Negotiating with creditors when you can’t pay them

Many Oregonians found themselves without funds to pay their bills when the COVID-19 pandemic hit in 2020. While payment deferrals and loan forbearance programs offered some relief, what happens if you are unable to resume payments when these programs end? Debt continues to rise across the state – the average in 2021 was $61,760 in total debt per household.

The most important step is to communicate with your creditors. Working directly with your creditors is the best way to keep as many options open as possible in handling your debt:

  • Discussing your situation with your creditors may help you come to terms to repay the debt.
  • Ignoring the issue often leads to collection actions and negative reporting to credit agencies.
  • Negotiating with creditors and making arrangements to pay the debt directly is in your best interest.

How should I try to settle my debt?

If you have good credit, or assets with equity, you may try to request lower interest rates on your credit cards, consolidate credit card debt with a low-interest balance transfer, or tap into equity to consolidate your debt. Your goal with tapping into available credit and equity is to reduce your overall interest rate and decrease your payments to a manageable level. This makes sense if some adjustments would lead to your being able to resume making timely payments on your obligations.

If you’re unable to find a path to manageable payments, however, you may consider settling the debt with your creditor.

Why do creditors accept settlement offers?

Creditors are typically willing to work with you to settle your debt because, after numerous missed payments, it’s likely clear to the company that the alternative is either continued nonpayment or even bankruptcy. Receiving at least a partial payment is often preferable for the company than writing it off as a total loss.


Is it smart to use a debt settlement company?

Working with a debt settlement company typically works like this:

  • You’ll begin setting aside money each month to build up your settlement payment.
  • Meanwhile, you’ll stop paying your creditors.
  • The debt settlement company negotiates a specific settlement payment that is lower than your debt amount.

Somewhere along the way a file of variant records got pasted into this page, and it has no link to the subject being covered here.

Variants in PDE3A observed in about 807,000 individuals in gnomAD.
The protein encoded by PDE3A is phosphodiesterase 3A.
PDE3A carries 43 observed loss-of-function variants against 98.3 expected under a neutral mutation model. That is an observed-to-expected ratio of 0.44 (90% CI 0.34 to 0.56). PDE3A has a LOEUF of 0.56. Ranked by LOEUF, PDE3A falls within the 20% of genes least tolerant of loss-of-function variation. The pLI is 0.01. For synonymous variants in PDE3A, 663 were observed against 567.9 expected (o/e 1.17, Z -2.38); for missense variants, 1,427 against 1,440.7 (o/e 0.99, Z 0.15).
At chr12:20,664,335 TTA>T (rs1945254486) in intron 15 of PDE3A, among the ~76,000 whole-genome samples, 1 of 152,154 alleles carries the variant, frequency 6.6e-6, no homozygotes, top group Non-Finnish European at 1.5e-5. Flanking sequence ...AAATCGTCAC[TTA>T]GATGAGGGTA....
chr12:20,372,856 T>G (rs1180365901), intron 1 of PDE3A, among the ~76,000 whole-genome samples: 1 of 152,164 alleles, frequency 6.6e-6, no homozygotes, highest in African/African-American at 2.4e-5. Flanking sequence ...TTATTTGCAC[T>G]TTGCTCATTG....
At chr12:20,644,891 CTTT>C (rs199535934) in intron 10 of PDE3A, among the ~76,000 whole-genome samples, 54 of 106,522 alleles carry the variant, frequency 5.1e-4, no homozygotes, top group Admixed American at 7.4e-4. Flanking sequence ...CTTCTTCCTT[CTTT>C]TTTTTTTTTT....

• Once you’ve saved that amount, you’ll make a lump sum payment to erase that debt.

While this process all sounds quite simple, there are some risks and drawbacks that go along with working with a debt settlement company.

First, it’s critical that you vet the company before you give them any information or money, to avoid debt settlement scams that may take your money before helping you out.

Working with debt settlement agencies also isn’t free. You’ll pay the company a fee, often a percentage of the total debt they settled for you. Also, you may have to pay account fees to the institution where you’ll set aside your monthly payments while saving up for the settlement.

Finally, consider the time it takes to settle debt. Often, these agencies promise to settle your debt within 36 months. If you’d rather attempt to settle your own debt, you may be able to do so in a shorter time frame than three years.

How to settle your debt on your own

If you decide to attempt settling your debt on your own, you’ll be the one reaching out to creditors to negotiate. Go into the conversations armed with as much knowledge about your situation and the options you have.

Know which debts can be settled

Some debts aren’t as simple to resolve as reaching out to a creditor. Student loans, for example, typically aren’t dischargeable through bankruptcy, so it’s uncommon that these are able to be settled. Instead, review the available student loan repayment programs that can help you manage them.


Be prepared with enough cash

To the creditor, the point of settlement is to get some amount of money for the debt. If you come to the table with no funds to encourage them to come to an agreement with you, it’s much less likely that you’ll be able to settle. The sooner you’re able to transfer funds to the creditor, the better. Companies are usually more willing to accept a lower amount that you can pay immediately, rather than spacing payments out over time. To determine how much cash you need to settle your debts, consider how much you owe vs. what the creditor will accept. Most companies will settle unsecured debt for between 40 and 50% of the total amount owed, according to Forbes.

Question how the settlement will be reported

While your primary goal is to negotiate the settlement agreement, you should also bring up how the debt payment will be reported to the credit bureaus. Often, settled debts are reported as “Settled” or “Paid Settled.” If you can convince the creditor to instead report it as “Paid as Agreed,” it will look better on your credit report.

Be patient but persistent

Even though creditors often prefer partial payment than complete non-payment, most are still averse to agreeing to a settlement at first. Pursuing debt settlement on your own will take time, patience and persistence. You’ll likely have to explain why you need to settle your debt rather than pay in full. Maintaining a consistent story throughout each conversation with each person you speak to during the process will help establish your position and convey your financial hardship to your creditors. Prepare for each call to your creditors by identifying your key points and practicing your pitch.

Stay educated about your options

Are you struggling with your debt? Check out OnPoint’s blog for more information about financial management, or talk to a certified financial counselor about your options through our partnership with GreenPath Financial Wellness.

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